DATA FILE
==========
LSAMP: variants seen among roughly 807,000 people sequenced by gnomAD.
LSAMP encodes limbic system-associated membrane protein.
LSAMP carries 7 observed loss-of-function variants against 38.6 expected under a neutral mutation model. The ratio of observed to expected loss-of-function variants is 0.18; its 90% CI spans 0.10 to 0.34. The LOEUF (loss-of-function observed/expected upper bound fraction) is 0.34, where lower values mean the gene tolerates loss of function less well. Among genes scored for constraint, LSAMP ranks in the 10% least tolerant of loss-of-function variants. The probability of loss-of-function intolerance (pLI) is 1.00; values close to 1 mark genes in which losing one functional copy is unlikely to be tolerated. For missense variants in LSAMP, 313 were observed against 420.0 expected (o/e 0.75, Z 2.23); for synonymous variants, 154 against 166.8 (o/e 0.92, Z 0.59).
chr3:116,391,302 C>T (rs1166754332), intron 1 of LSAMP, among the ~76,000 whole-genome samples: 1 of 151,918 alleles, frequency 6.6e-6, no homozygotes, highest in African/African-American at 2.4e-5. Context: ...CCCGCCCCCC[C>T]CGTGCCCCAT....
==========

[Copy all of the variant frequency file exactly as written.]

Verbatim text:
LSAMP: variants seen among roughly 807,000 people sequenced by gnomAD.
LSAMP encodes limbic system-associated membrane protein.
LSAMP carries 7 observed loss-of-function variants against 38.6 expected under a neutral mutation model. The ratio of observed to expected loss-of-function variants is 0.18; its 90% CI spans 0.10 to 0.34. The LOEUF (loss-of-function observed/expected upper bound fraction) is 0.34, where lower values mean the gene tolerates loss of function less well. Among genes scored for constraint, LSAMP ranks in the 10% least tolerant of loss-of-function variants. The probability of loss-of-function intolerance (pLI) is 1.00; values close to 1 mark genes in which losing one functional copy is unlikely to be tolerated. For missense variants in LSAMP, 313 were observed against 420.0 expected (o/e 0.75, Z 2.23); for synonymous variants, 154 against 166.8 (o/e 0.92, Z 0.59).
chr3:116,391,302 C>T (rs1166754332), intron 1 of LSAMP, among the ~76,000 whole-genome samples: 1 of 151,918 alleles, frequency 6.6e-6, no homozygotes, highest in African/African-American at 2.4e-5. Context: ...CCCGCCCCCC[C>T]CGTGCCCCAT....